Shanghai issued new regulations to facilitate data sharing and develop other data-related high-tech areas such as blockchain. In Xiong’an New Area, a bank issued China’s first blockchain-powered loan. ChainNews shutters its operations.
The world of blockchain moves fast, and nowhere does it move faster than China. Here’s what you need to know about China’s block-world in the week of Nov. 25 to Nov. 30.
- Shanghai legislators announced on Monday a new set of data regulations, due to take effect in 2022. The regulations are the nation’s second regional set of rules to focus on data. Southern tech hub Shenzhen issued the first such regulations in late June. The regulations are aimed at protecting personal data, promoting “free and orderly data exchanges,” and aiding development in big data analytics, cloud computing, blockchain, AI, and other high-tech areas. Four days before the regulations were announced, Shanghai opened a new data exchange in the Pudong district to facilitate data trading. (Shanghai government, in Chinese)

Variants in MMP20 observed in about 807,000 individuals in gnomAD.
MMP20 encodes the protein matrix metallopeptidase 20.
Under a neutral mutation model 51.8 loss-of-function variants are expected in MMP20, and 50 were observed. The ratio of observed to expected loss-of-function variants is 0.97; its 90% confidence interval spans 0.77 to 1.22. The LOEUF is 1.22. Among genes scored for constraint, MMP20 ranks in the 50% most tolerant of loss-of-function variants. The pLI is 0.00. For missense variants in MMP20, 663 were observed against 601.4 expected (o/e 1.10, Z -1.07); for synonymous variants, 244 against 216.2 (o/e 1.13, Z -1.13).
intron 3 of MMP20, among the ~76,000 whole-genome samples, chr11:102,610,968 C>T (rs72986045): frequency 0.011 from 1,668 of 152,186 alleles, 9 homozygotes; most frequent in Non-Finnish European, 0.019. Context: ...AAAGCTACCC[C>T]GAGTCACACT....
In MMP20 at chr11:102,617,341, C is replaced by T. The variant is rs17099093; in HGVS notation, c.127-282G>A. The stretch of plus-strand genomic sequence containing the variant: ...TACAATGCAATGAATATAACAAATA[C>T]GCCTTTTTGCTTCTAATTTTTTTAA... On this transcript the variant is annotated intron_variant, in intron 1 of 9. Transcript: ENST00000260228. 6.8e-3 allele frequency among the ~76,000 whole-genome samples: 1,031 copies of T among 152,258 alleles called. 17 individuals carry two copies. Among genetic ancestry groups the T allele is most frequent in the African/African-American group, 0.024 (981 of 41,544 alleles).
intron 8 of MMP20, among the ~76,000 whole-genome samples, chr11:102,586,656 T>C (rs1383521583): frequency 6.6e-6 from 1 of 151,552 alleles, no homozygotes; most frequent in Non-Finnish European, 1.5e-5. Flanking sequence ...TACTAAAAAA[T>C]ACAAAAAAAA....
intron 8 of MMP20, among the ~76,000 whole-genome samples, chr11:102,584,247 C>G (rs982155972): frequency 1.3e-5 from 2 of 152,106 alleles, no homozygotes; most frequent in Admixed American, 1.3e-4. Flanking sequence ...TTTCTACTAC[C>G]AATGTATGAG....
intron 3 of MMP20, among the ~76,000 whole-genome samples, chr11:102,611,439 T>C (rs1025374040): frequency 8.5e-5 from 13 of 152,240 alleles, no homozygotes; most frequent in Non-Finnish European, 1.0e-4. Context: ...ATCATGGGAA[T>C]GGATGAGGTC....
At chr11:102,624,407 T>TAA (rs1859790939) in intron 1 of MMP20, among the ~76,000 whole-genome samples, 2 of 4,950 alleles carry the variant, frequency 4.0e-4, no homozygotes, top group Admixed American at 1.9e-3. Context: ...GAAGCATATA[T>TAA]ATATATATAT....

- China’s Xiong’an New Area issued an RMB 6.4 million ($1 million) loan through blockchain, the country’s first such financing case. A local branch of Shanghai Pudong Development Bank (SPDB) issued the loan to three construction companies that built the new area. The blockchain loan service is a new financial product from the SPDB. The product has a 6% interest rate and offers loans of up to RMB 20 million per transaction. (People’s Daily, in Chinese)
- The tax bureau from a local region in the central province of Hunan has been studying blockchain technology to expedite the real estate transaction tax process. Tax workers from Loudi Economic and Development Zone have reportedly been using blockchain technology to refine the process and provide a more precise service. (China Star Market, in Chinese)
ChainNews no more
Chinese media reported on Nov. 26 that prominent crypto news outlet ChainNews had shuttered its operations. The outlet announced a suspension of service due to “site upgrades and maintenance” on Nov. 15. The outlet had remained active on Twitter until Nov. 25. (China Star Market, in Chinese)